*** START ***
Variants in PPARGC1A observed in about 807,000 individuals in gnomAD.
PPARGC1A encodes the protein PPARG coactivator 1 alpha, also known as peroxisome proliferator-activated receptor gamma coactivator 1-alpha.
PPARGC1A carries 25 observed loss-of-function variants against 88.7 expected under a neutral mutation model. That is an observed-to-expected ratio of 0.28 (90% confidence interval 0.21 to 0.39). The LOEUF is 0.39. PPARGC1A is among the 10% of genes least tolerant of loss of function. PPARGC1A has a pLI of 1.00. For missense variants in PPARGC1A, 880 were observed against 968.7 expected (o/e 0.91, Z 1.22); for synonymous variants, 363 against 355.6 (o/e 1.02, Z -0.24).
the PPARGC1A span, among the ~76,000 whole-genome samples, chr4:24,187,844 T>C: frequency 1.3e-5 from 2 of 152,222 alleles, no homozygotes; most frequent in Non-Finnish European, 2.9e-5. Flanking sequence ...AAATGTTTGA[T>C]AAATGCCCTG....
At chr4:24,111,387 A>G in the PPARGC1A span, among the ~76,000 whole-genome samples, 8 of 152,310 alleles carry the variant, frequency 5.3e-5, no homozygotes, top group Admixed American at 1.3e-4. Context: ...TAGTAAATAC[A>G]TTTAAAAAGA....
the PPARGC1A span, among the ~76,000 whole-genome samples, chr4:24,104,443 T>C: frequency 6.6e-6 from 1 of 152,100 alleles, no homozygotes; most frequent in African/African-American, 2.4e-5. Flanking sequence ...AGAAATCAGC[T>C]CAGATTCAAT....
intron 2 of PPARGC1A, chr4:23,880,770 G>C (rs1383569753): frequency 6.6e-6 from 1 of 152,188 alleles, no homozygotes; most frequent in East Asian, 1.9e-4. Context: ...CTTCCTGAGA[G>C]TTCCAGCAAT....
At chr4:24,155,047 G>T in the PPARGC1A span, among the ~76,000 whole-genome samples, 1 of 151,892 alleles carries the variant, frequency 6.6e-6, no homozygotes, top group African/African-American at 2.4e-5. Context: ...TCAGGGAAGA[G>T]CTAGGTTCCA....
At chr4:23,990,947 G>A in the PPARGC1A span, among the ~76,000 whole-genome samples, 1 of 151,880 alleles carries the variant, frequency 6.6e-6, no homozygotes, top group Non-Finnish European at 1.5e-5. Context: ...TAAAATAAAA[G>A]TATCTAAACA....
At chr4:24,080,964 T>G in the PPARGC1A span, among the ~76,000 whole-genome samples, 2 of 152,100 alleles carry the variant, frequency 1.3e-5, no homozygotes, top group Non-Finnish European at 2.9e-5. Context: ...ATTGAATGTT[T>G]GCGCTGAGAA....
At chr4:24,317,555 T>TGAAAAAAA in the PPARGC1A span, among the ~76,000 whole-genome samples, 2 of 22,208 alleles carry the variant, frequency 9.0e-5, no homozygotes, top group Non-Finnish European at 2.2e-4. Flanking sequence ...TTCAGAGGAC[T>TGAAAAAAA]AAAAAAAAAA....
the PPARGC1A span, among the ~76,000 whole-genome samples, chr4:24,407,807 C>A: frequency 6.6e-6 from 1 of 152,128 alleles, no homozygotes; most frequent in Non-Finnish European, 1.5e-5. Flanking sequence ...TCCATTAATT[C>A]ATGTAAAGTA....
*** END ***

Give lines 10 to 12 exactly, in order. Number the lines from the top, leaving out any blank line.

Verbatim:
At chr4:24,080,964 T>G in the PPARGC1A span, among the ~76,000 whole-genome samples, 2 of 152,100 alleles carry the variant, frequency 1.3e-5, no homozygotes, top group Non-Finnish European at 2.9e-5. Context: ...ATTGAATGTT[T>G]GCGCTGAGAA....
At chr4:24,317,555 T>TGAAAAAAA in the PPARGC1A span, among the ~76,000 whole-genome samples, 2 of 22,208 alleles carry the variant, frequency 9.0e-5, no homozygotes, top group Non-Finnish European at 2.2e-4. Flanking sequence ...TTCAGAGGAC[T>TGAAAAAAA]AAAAAAAAAA....
the PPARGC1A span, among the ~76,000 whole-genome samples, chr4:24,407,807 C>A: frequency 6.6e-6 from 1 of 152,128 alleles, no homozygotes; most frequent in Non-Finnish European, 1.5e-5. Flanking sequence ...TCCATTAATT[C>A]ATGTAAAGTA....